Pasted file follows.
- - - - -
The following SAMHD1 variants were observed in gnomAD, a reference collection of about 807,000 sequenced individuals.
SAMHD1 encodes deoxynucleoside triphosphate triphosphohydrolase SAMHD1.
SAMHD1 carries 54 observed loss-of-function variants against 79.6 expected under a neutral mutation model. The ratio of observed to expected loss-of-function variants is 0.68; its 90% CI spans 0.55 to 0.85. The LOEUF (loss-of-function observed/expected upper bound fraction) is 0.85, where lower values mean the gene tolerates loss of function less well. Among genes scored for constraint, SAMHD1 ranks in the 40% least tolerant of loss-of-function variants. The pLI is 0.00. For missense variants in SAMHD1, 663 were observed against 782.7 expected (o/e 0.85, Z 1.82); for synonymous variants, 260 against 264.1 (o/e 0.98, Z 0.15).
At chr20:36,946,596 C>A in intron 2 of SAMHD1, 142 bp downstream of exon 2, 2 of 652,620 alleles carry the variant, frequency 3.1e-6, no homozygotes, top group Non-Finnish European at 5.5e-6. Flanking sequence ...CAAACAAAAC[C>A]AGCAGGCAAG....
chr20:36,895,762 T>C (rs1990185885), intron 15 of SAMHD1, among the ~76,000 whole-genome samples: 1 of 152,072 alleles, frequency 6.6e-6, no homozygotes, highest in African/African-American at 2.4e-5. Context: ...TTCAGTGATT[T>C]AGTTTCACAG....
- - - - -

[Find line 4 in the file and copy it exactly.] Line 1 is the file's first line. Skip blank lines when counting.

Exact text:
At chr20:36,946,596 C>A in intron 2 of SAMHD1, 142 bp downstream of exon 2, 2 of 652,620 alleles carry the variant, frequency 3.1e-6, no homozygotes, top group Non-Finnish European at 5.5e-6. Flanking sequence ...CAAACAAAAC[C>A]AGCAGGCAAG....